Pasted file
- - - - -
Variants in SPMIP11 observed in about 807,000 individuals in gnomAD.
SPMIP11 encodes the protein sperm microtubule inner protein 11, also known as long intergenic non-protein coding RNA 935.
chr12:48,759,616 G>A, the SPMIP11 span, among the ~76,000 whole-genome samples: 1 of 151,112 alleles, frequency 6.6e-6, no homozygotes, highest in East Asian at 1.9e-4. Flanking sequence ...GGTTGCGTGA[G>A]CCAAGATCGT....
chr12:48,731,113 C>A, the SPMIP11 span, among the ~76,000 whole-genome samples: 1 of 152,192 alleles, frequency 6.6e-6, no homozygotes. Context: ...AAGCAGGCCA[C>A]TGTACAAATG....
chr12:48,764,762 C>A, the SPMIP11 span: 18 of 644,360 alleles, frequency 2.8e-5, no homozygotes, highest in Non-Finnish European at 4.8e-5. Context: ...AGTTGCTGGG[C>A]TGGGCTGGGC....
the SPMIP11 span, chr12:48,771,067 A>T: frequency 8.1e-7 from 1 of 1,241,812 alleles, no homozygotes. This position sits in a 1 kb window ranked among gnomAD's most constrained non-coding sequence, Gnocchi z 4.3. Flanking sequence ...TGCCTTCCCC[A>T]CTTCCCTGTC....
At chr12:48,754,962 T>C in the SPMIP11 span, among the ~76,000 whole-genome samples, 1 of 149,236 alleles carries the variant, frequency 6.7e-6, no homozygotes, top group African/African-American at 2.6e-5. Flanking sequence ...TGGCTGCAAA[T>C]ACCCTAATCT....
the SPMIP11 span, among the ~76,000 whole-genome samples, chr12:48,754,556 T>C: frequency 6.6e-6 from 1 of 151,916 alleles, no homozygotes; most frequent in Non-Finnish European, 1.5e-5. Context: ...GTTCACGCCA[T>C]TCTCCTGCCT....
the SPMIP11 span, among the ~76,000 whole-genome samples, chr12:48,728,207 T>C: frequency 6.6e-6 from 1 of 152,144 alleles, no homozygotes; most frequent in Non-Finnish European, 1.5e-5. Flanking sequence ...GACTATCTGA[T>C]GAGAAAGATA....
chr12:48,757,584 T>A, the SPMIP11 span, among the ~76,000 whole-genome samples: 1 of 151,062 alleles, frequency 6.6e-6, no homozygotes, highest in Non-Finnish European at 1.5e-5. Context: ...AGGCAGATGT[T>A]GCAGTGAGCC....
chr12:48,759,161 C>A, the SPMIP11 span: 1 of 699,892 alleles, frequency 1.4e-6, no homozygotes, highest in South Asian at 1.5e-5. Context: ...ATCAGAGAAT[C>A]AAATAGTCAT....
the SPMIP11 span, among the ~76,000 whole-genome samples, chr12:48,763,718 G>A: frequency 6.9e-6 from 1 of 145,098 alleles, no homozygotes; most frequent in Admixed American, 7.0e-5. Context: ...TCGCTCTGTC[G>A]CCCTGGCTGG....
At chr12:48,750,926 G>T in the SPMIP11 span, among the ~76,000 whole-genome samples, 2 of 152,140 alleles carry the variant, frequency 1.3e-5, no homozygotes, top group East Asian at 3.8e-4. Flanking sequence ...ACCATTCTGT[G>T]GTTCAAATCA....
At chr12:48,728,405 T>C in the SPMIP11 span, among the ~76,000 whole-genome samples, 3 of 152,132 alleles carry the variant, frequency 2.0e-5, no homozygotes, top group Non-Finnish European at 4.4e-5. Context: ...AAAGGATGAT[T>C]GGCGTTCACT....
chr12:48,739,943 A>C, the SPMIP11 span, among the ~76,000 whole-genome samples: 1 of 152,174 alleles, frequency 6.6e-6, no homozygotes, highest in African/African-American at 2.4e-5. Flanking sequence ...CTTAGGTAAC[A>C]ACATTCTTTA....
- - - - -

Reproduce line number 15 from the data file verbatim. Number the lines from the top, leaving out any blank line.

chr12:48,739,943 A>C, the SPMIP11 span, among the ~76,000 whole-genome samples: 1 of 152,174 alleles, frequency 6.6e-6, no homozygotes, highest in African/African-American at 2.4e-5. Flanking sequence ...CTTAGGTAAC[A>C]ACATTCTTTA....